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The Danish system of military service has existed since 1849.
The Armed Forces Recruitment function is a part of the Danish Armed Forces and takes care of selecting those who are to do their national service in Denmark.
There are now far more people considered suitable for national service than are actually needed every year. The lottery therefore decides who has to do their national service.
Everyone is automatically called up in the year in which they reach their 18th birthday. At an Armed Forces Day – conscription – which takes place almost every day of the year at five recruitment centres all over the country, those assessed as being suitable have to draw a lot in a tombola. If you draw a blank, you don’t need to do your national service. If you have to do your national service, you can request where to do it.
In the past, personnel had to sit rolling up pieces of paper to create lots ahead of each session.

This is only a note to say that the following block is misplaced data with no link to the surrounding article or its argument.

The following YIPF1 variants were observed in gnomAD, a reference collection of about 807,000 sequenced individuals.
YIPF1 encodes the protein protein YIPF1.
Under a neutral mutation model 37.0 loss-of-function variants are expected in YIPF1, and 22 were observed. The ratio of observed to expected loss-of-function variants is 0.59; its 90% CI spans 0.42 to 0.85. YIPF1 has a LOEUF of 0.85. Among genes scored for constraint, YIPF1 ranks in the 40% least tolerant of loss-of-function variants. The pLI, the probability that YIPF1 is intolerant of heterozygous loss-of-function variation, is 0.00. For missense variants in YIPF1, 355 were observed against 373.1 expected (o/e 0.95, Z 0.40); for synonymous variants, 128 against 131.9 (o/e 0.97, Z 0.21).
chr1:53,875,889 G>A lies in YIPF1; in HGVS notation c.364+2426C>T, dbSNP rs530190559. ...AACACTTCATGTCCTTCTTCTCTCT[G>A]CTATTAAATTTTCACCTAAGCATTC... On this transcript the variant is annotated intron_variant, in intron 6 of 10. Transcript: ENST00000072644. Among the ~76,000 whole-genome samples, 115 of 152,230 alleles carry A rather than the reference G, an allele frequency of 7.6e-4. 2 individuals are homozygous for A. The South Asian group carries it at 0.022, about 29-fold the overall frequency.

Stralfors took over in 2001, using matrix printing. The lots had carbon between the sides. The matrix printer can be described as an old-fashioned typewriter with coloured ribbon – only bigger. But it was old and it became difficult to obtain spare parts, so it’s now been replaced by sheet printing.
The old solution consisted of two printing jobs: both printing lots on the matrix printer and printing a checklist on a roller printer.
The new solution with sheet printing made the checklist superfluous.
The lot is now a card with a number, which the aspirant draws from a tombola.
“The new solution has helped to make the whole procedure faster, cheaper and safer,” says Mogens Rosenlund Nielsen, Head of Department at Armed Forces Recruitment.
National service in Denmark has been the subject of much discussion. Following the defence agreement of December 2012, it’s now been confirmed that national service will continue. However, the number of people doing national service will be reduced from 5,000 to 4,200. The lottery system is expected to survive after the reform.